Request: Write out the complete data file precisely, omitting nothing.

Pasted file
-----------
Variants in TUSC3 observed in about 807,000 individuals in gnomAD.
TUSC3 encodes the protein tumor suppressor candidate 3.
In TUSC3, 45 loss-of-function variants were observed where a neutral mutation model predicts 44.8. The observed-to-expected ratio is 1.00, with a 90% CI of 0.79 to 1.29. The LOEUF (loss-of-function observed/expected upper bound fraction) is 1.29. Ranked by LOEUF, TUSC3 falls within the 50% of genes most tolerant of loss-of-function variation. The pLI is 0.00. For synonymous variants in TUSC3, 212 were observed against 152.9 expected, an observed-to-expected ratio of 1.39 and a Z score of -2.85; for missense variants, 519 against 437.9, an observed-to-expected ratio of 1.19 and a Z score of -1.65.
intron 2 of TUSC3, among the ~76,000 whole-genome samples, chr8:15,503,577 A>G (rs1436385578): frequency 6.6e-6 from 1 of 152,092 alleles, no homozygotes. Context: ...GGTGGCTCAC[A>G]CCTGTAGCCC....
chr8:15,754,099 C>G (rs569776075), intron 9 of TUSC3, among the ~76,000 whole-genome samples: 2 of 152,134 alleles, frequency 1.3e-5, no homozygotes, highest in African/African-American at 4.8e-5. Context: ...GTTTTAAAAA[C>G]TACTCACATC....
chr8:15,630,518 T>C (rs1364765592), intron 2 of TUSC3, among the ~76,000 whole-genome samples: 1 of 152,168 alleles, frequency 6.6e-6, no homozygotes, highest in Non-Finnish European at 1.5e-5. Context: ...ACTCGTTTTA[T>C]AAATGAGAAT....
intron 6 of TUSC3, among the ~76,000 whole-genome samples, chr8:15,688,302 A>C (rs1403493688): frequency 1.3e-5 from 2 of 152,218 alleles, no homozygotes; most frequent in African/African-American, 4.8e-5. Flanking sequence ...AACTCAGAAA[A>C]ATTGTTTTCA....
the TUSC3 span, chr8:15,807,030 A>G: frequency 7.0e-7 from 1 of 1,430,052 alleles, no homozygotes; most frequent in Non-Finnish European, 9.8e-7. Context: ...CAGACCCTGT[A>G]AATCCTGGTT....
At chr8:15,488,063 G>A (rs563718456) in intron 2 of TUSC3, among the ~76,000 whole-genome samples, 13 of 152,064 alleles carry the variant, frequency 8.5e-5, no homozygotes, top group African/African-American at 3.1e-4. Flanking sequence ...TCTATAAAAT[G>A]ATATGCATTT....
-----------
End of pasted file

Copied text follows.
Variants in TUSC3 observed in about 807,000 individuals in gnomAD.
TUSC3 encodes the protein tumor suppressor candidate 3.
In TUSC3, 45 loss-of-function variants were observed where a neutral mutation model predicts 44.8. The observed-to-expected ratio is 1.00, with a 90% CI of 0.79 to 1.29. The LOEUF (loss-of-function observed/expected upper bound fraction) is 1.29. Ranked by LOEUF, TUSC3 falls within the 50% of genes most tolerant of loss-of-function variation. The pLI is 0.00. For synonymous variants in TUSC3, 212 were observed against 152.9 expected, an observed-to-expected ratio of 1.39 and a Z score of -2.85; for missense variants, 519 against 437.9, an observed-to-expected ratio of 1.19 and a Z score of -1.65.
intron 2 of TUSC3, among the ~76,000 whole-genome samples, chr8:15,503,577 A>G (rs1436385578): frequency 6.6e-6 from 1 of 152,092 alleles, no homozygotes. Context: ...GGTGGCTCAC[A>G]CCTGTAGCCC....
chr8:15,754,099 C>G (rs569776075), intron 9 of TUSC3, among the ~76,000 whole-genome samples: 2 of 152,134 alleles, frequency 1.3e-5, no homozygotes, highest in African/African-American at 4.8e-5. Context: ...GTTTTAAAAA[C>G]TACTCACATC....
chr8:15,630,518 T>C (rs1364765592), intron 2 of TUSC3, among the ~76,000 whole-genome samples: 1 of 152,168 alleles, frequency 6.6e-6, no homozygotes, highest in Non-Finnish European at 1.5e-5. Context: ...ACTCGTTTTA[T>C]AAATGAGAAT....
intron 6 of TUSC3, among the ~76,000 whole-genome samples, chr8:15,688,302 A>C (rs1403493688): frequency 1.3e-5 from 2 of 152,218 alleles, no homozygotes; most frequent in African/African-American, 4.8e-5. Flanking sequence ...AACTCAGAAA[A>C]ATTGTTTTCA....
the TUSC3 span, chr8:15,807,030 A>G: frequency 7.0e-7 from 1 of 1,430,052 alleles, no homozygotes; most frequent in Non-Finnish European, 9.8e-7. Context: ...CAGACCCTGT[A>G]AATCCTGGTT....
At chr8:15,488,063 G>A (rs563718456) in intron 2 of TUSC3, among the ~76,000 whole-genome samples, 13 of 152,064 alleles carry the variant, frequency 8.5e-5, no homozygotes, top group African/African-American at 3.1e-4. Flanking sequence ...TCTATAAAAT[G>A]ATATGCATTT....